Beware the Poodle-Dog Bush Following the KNP Complex Fire

Potentially dangerous plant is populating burn areas.

Poodle Dog Bush in Flower

At the Post-Fire Workshop held at the Three Rivers Memorial Building on Saturday, March 26, Dr. Christy Brigham of Sequoia & Kings Canyon National Parks reported that Poodle-Dog Bush is being found in areas burned by the KNP Complex Fire in 2021.

When in bloom, hikers and other visitors to areas that have been affected by wildfire may be tempted by the attractive flowers of Poodle-Dog Bush then regret touching the plant.

Description of Poodle-Dog Bush

Poodle-Dog Bush (Eriodictyon parryi, formerly Turricula parryi) is endemic to southern California and northern Baja California. It is most prevalent in California’s Transverse Range — Santa Monica Mountains, San Gabriel Mountains, and San Bernardino Mountains — but it does occur regularly in the Coast Ranges from San Luis Obispo south and the Sierra Nevada from Kings Canyon south. Its range extends as far south as the Sierra de San Pedro Mártir mountains of Ensenada, Baja California, Mexico.

The seeds of Poodle-Dog Bush can lie dormant for many years then make an advantageous emergence in disturbed areas with little competition. Typically Poodle-Dog Bush populations establish following wildfire with the intensity to burn the majority of plants and trees of an area. However other disturbances, such as landslides, floods, and construction, can awaken the seeds.

These plants play an important role in re-establishing forest populations by stabilizing soil that has become vulnerable to subsequent disturbance, thus helping more long term populations, such as conifer trees, to take root and hold their ground.

The plant is quite attractive when in bloom with tall, showy inflorescences of lavender-colored flowers from May through August. However, it is not the floral display alone to which one ought to familiarize themselves.

Dangers of Poodle-Dog Bush

The leaves of Poodle-Dog Bush have small hairs that embed themselves into skin and clothing. These hairs cause a contact dermatitis similar to that of contact with Poison Oak, including rashes and blistering. The allergic reaction may not present itself for several days after contact, especially if the contact was mainly with clothing handled later.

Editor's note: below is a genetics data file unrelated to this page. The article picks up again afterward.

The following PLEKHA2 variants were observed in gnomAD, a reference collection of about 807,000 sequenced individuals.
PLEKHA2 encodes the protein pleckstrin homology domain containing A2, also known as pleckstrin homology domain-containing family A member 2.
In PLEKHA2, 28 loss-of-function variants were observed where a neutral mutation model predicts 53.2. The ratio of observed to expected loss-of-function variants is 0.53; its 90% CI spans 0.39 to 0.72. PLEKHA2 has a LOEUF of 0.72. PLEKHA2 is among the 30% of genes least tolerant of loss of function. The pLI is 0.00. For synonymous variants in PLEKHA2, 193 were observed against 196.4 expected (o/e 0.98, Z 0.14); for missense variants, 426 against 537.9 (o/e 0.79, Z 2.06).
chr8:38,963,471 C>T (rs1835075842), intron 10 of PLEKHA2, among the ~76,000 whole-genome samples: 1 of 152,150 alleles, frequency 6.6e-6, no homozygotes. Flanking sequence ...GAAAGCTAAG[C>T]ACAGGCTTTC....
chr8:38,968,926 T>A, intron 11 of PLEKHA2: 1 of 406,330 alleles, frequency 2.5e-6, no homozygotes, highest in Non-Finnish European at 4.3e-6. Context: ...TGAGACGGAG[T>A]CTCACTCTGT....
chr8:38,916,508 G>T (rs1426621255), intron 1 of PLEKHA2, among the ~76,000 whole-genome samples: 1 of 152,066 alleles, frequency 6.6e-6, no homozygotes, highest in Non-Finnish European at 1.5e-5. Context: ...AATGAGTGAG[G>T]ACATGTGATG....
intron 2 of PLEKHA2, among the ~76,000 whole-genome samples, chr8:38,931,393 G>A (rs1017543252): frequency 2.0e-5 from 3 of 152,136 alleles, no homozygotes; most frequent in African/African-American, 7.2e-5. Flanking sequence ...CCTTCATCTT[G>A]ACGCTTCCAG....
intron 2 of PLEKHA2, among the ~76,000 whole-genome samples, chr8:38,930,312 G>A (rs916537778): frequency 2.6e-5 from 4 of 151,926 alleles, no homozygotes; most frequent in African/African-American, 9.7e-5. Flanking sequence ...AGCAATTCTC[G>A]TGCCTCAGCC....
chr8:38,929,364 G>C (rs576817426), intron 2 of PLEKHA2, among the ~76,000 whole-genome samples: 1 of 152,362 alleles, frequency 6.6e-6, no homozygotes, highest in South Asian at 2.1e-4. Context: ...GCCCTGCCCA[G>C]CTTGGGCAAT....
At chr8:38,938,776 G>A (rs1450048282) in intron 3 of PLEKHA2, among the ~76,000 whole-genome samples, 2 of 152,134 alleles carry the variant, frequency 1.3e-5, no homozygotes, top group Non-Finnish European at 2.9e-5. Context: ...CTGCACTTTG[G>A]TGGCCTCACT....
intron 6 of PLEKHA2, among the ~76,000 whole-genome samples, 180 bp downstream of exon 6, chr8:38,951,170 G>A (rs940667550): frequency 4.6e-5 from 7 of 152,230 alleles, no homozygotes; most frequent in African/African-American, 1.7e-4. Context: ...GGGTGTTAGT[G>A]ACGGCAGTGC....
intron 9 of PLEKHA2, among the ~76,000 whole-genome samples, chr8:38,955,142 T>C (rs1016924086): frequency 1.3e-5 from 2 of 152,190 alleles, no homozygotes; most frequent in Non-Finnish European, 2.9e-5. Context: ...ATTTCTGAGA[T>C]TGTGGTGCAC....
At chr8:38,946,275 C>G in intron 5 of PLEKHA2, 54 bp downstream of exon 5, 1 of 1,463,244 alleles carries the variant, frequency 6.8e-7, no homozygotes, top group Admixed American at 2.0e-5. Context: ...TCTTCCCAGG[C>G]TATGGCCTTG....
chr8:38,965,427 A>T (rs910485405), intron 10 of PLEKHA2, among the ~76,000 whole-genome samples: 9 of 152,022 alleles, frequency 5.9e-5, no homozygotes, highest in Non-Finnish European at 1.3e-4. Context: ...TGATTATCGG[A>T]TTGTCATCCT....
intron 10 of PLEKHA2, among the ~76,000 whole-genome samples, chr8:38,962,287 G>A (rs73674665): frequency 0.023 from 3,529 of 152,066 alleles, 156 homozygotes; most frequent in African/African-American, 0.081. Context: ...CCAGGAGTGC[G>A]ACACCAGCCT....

The treatments for Poison Oak dermatitis are likely as effective in treating Poodle-Dog Bush dermatitis. Anti-histamines, such as Benadryl, do not elleviate the effects of the plant as they are not caused by a histamine reaction. Hikers carrying Tecnu skin cleanser, or its active ingredient, acetone, have reported diminished irritation when the skin is cleaned immediately with these substances, although such reports cannot know what the effects would have been had no action been taken. A doctor may prescribe an oral steroid like prednisone if the dermatitis is severe.

It is best to familiarize oneself and recreating partners with the appearance of Poodle-Dog Bush to avoid contact with the plant and with leaves that may have fallen.

What Poodle-Dog Bush Looks Like

Memorize the appearance of this plant or download the photos to your mobile phone prior to visiting areas that have been affected by fire.

2 thoughts on “Beware the Poodle-Dog Bush Following the KNP Complex Fire”
  1. Maybe my poodles do have “poodle cooties” as one of my australian shehpherd friends says! All kidding aside…Thank you for your SWEET newsy endeavor in Three Rivers! and I like your sense of humor! Welcome to 3R

    1. Thanks, Helen. We will keep at it with more serious articles to come. And for the record I have been living in Three Rivers for 12 years, and visiting my grandmother here for the previous 40 years.